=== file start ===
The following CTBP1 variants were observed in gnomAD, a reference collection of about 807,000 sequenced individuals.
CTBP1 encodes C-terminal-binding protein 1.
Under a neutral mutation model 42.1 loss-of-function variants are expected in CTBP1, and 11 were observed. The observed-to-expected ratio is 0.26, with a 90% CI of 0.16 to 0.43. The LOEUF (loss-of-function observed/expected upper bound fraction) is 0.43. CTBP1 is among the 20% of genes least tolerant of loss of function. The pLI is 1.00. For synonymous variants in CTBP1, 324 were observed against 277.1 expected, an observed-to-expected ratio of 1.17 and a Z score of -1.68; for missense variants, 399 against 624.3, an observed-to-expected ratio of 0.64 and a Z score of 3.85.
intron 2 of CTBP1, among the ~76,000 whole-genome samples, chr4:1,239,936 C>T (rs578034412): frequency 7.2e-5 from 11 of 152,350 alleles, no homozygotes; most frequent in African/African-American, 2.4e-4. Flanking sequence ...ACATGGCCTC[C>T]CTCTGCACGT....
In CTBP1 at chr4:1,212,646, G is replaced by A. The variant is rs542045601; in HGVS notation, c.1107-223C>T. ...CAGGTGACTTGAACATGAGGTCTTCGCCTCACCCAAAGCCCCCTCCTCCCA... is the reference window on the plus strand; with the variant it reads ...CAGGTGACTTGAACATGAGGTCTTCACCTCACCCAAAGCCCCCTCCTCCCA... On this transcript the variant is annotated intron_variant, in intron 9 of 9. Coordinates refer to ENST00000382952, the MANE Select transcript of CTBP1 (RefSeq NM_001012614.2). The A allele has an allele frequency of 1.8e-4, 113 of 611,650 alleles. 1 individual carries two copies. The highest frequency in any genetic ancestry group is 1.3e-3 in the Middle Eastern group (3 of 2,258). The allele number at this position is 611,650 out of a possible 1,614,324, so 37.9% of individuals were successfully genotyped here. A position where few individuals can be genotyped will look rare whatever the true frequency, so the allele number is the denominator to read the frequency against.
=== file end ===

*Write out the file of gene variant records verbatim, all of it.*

The following CTBP1 variants were observed in gnomAD, a reference collection of about 807,000 sequenced individuals.
CTBP1 encodes C-terminal-binding protein 1.
Under a neutral mutation model 42.1 loss-of-function variants are expected in CTBP1, and 11 were observed. The observed-to-expected ratio is 0.26, with a 90% CI of 0.16 to 0.43. The LOEUF (loss-of-function observed/expected upper bound fraction) is 0.43. CTBP1 is among the 20% of genes least tolerant of loss of function. The pLI is 1.00. For synonymous variants in CTBP1, 324 were observed against 277.1 expected, an observed-to-expected ratio of 1.17 and a Z score of -1.68; for missense variants, 399 against 624.3, an observed-to-expected ratio of 0.64 and a Z score of 3.85.
intron 2 of CTBP1, among the ~76,000 whole-genome samples, chr4:1,239,936 C>T (rs578034412): frequency 7.2e-5 from 11 of 152,350 alleles, no homozygotes; most frequent in African/African-American, 2.4e-4. Flanking sequence ...ACATGGCCTC[C>T]CTCTGCACGT....
In CTBP1 at chr4:1,212,646, G is replaced by A. The variant is rs542045601; in HGVS notation, c.1107-223C>T. ...CAGGTGACTTGAACATGAGGTCTTCGCCTCACCCAAAGCCCCCTCCTCCCA... is the reference window on the plus strand; with the variant it reads ...CAGGTGACTTGAACATGAGGTCTTCACCTCACCCAAAGCCCCCTCCTCCCA... On this transcript the variant is annotated intron_variant, in intron 9 of 9. Coordinates refer to ENST00000382952, the MANE Select transcript of CTBP1 (RefSeq NM_001012614.2). The A allele has an allele frequency of 1.8e-4, 113 of 611,650 alleles. 1 individual carries two copies. The highest frequency in any genetic ancestry group is 1.3e-3 in the Middle Eastern group (3 of 2,258). The allele number at this position is 611,650 out of a possible 1,614,324, so 37.9% of individuals were successfully genotyped here. A position where few individuals can be genotyped will look rare whatever the true frequency, so the allele number is the denominator to read the frequency against.